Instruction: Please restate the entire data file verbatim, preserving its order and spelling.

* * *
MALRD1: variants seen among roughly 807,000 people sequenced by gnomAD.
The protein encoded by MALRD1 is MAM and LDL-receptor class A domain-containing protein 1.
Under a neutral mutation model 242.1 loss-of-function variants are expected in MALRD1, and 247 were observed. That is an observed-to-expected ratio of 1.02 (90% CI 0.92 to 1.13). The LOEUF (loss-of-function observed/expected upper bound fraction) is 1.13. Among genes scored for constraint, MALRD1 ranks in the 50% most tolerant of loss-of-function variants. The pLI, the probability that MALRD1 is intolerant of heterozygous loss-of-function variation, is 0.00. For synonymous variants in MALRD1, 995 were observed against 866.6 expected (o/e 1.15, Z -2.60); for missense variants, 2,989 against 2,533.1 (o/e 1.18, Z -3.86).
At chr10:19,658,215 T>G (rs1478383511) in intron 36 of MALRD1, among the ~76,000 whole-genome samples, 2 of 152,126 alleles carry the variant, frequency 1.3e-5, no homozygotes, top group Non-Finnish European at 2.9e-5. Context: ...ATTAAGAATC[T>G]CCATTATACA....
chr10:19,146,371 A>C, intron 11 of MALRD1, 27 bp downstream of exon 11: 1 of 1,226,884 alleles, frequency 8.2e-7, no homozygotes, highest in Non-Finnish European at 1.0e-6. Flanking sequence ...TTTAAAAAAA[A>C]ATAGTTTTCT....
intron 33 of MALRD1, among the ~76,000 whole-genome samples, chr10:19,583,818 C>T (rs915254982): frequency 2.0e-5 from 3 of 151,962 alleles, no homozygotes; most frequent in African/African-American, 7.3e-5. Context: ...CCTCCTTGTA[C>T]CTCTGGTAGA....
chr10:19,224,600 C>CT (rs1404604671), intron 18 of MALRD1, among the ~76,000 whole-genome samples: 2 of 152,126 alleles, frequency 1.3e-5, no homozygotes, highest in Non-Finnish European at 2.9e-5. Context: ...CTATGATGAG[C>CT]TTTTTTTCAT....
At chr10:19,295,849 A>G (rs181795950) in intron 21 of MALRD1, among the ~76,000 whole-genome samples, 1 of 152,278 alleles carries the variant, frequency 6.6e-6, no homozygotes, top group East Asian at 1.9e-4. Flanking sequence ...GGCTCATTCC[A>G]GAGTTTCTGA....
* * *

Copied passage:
MALRD1: variants seen among roughly 807,000 people sequenced by gnomAD.
The protein encoded by MALRD1 is MAM and LDL-receptor class A domain-containing protein 1.
Under a neutral mutation model 242.1 loss-of-function variants are expected in MALRD1, and 247 were observed. That is an observed-to-expected ratio of 1.02 (90% CI 0.92 to 1.13). The LOEUF (loss-of-function observed/expected upper bound fraction) is 1.13. Among genes scored for constraint, MALRD1 ranks in the 50% most tolerant of loss-of-function variants. The pLI, the probability that MALRD1 is intolerant of heterozygous loss-of-function variation, is 0.00. For synonymous variants in MALRD1, 995 were observed against 866.6 expected (o/e 1.15, Z -2.60); for missense variants, 2,989 against 2,533.1 (o/e 1.18, Z -3.86).
At chr10:19,658,215 T>G (rs1478383511) in intron 36 of MALRD1, among the ~76,000 whole-genome samples, 2 of 152,126 alleles carry the variant, frequency 1.3e-5, no homozygotes, top group Non-Finnish European at 2.9e-5. Context: ...ATTAAGAATC[T>G]CCATTATACA....
chr10:19,146,371 A>C, intron 11 of MALRD1, 27 bp downstream of exon 11: 1 of 1,226,884 alleles, frequency 8.2e-7, no homozygotes, highest in Non-Finnish European at 1.0e-6. Flanking sequence ...TTTAAAAAAA[A>C]ATAGTTTTCT....
intron 33 of MALRD1, among the ~76,000 whole-genome samples, chr10:19,583,818 C>T (rs915254982): frequency 2.0e-5 from 3 of 151,962 alleles, no homozygotes; most frequent in African/African-American, 7.3e-5. Context: ...CCTCCTTGTA[C>T]CTCTGGTAGA....
chr10:19,224,600 C>CT (rs1404604671), intron 18 of MALRD1, among the ~76,000 whole-genome samples: 2 of 152,126 alleles, frequency 1.3e-5, no homozygotes, highest in Non-Finnish European at 2.9e-5. Context: ...CTATGATGAG[C>CT]TTTTTTTCAT....
At chr10:19,295,849 A>G (rs181795950) in intron 21 of MALRD1, among the ~76,000 whole-genome samples, 1 of 152,278 alleles carries the variant, frequency 6.6e-6, no homozygotes, top group East Asian at 1.9e-4. Flanking sequence ...GGCTCATTCC[A>G]GAGTTTCTGA....